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Author-Pay a misleading alternative for Open Access journals

photo of Michel Bauwens

Michel Bauwens
29th September 2006


The OpenBusiness blog publishes an opinion contrasting the author-pays open access model to the commercial model of scientific publishing.

This immediately provokes the ringing of an alarmbell, as I find the author-pays model, which requires the author him/herself to pay for publication of a scientific article, to have serious problems of equity.

I asked Peter Suber for a commentary and he immediately wrote the following re-assuring words about the open access model of publishing:

One of my constant harangues is that the term “author pays” is false and misleading. Here’s an excerpt from my Open Access Overview:

A common misunderstanding is that all OA journals use an “author pays” business model. There are two mistakes here. The first is to assume that there is only one business model for OA journals, when there are many. The second is to assume that charging an upfront processing fee is an “author pays” model. In fact, fewer than half of today’s OA journals (47%) charge author-side fees. When OA journals do charge fees, the fees are usually paid by author-sponsors (employers or funders) or waived, not paid by authors out of pocket. This misunderstanding is harmful because it makes authors wonder whether they can afford to pay the fees. In fact there are many reasons why OA journals do not exclude the poor.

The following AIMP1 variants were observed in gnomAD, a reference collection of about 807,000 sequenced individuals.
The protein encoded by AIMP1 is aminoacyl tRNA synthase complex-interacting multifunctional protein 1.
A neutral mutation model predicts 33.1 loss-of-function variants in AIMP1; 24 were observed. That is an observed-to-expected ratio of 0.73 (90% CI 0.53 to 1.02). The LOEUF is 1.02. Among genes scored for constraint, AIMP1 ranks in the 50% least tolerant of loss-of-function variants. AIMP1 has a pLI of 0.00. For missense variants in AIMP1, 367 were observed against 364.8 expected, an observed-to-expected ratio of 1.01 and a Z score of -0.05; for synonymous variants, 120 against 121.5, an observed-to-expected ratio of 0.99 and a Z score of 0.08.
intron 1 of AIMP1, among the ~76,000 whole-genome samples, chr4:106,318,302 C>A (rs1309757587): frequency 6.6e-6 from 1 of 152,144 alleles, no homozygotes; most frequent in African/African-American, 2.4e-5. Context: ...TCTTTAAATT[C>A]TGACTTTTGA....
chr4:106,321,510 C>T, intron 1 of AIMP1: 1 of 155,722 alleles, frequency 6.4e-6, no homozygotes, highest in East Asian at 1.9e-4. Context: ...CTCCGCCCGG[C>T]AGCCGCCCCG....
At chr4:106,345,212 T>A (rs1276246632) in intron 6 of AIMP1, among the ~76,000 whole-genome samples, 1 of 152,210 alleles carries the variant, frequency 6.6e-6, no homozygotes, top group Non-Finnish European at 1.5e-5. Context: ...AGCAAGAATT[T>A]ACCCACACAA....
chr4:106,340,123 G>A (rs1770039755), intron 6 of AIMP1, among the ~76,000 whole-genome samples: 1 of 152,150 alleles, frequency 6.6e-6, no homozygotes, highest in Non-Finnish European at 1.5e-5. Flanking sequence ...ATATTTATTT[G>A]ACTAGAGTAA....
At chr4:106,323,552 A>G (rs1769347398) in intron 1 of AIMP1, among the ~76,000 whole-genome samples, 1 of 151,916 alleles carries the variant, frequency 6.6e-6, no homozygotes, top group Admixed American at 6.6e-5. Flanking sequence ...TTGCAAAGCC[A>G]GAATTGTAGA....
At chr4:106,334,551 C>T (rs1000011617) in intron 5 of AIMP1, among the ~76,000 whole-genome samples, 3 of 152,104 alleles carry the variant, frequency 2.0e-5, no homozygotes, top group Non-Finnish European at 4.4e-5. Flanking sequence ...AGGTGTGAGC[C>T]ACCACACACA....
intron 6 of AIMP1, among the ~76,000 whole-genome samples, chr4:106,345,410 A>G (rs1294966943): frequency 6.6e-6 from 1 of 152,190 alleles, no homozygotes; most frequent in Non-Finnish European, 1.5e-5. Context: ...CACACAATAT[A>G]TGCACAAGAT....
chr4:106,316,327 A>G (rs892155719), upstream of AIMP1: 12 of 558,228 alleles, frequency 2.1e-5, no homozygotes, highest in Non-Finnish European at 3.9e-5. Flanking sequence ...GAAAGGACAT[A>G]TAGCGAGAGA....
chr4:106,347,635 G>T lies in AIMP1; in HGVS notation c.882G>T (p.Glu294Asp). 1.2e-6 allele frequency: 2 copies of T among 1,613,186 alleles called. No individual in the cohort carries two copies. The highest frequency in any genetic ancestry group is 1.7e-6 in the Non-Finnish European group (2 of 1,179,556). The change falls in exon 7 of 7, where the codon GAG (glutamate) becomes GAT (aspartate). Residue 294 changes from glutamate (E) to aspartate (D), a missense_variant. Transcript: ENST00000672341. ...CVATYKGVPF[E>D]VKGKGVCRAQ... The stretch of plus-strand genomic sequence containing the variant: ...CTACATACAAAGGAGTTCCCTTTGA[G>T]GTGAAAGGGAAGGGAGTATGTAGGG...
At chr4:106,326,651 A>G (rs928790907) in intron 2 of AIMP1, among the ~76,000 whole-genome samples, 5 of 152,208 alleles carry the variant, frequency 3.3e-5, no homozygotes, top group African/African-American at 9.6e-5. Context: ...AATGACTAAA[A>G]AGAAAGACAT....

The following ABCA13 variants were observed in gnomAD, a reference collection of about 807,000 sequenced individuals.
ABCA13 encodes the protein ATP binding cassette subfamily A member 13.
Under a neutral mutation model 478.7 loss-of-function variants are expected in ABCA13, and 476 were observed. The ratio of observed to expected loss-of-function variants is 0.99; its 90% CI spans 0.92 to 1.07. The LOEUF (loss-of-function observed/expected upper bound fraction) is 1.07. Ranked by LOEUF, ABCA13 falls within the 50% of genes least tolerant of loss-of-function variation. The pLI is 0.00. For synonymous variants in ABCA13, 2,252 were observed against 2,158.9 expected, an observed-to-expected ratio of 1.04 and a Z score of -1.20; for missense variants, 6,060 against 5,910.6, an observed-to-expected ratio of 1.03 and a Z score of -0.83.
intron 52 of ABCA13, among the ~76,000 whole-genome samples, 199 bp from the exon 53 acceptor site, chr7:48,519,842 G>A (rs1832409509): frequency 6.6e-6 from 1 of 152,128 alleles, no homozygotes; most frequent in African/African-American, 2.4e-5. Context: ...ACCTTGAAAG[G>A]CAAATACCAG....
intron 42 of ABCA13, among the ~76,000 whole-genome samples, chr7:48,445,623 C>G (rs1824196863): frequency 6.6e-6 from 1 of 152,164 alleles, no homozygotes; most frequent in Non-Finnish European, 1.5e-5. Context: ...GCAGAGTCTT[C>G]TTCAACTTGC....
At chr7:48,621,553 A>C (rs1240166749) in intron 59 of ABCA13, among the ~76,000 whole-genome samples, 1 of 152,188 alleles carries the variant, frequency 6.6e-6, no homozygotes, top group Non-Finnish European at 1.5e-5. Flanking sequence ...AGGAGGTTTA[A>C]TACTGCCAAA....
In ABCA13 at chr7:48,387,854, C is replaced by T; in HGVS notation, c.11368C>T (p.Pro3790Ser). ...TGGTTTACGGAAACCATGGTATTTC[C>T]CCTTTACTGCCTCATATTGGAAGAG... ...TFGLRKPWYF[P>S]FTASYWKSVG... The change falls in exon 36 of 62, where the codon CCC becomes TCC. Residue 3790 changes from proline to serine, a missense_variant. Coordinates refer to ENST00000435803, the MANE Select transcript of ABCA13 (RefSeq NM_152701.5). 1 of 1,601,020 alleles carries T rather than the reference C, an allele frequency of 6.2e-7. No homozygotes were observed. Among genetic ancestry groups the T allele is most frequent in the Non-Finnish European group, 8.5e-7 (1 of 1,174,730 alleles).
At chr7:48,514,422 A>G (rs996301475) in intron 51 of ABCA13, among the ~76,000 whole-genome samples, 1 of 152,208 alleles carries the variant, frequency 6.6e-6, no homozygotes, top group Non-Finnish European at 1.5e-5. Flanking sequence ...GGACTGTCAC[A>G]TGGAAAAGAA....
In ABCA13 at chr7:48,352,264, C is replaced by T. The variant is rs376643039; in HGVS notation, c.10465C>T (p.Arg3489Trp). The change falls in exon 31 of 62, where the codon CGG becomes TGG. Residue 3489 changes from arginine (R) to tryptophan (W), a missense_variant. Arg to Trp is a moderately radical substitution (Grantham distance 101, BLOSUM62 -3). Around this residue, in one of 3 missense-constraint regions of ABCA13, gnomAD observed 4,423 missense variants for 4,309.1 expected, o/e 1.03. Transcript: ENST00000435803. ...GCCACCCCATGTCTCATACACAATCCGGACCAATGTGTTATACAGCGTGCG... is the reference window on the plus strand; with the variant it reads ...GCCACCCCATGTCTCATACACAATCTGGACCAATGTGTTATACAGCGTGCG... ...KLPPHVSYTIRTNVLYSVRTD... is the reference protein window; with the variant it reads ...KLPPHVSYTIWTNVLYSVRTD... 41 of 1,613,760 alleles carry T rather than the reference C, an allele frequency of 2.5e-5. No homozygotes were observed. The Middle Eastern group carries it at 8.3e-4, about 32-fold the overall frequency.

When OA journals do charge these fees, I call them “author-side” fees rather than “author fees”, since they must be paid by someone on the author’s side of the transaction, like a funder or employer, as opposed to someone at the reader’s side of the transaction, like a library.

But the main points are these: the majority of OA journals don’t charge any author-side fees, and for the minority that do, the fees are usually paid by sponsors or waived. Hence, authors rarely pay out of pocket. Long-term, as OA prevails, we can pay for OA journals with the savings from the cancellation, conversion, or demise of subscription-based (non-OA) journals. Then we can move from today’s situation, in which authors rarely pay out of pocket, to a situation in which they never do.

A related point is that a study last year showed that more non-OA journals than OA journals charge author-side fees. So if there is an effect to exclude the poor, non-OA journals are guilty more often than OA journals. I say more about this in an article in the June 2006 issue of my newsletter.”

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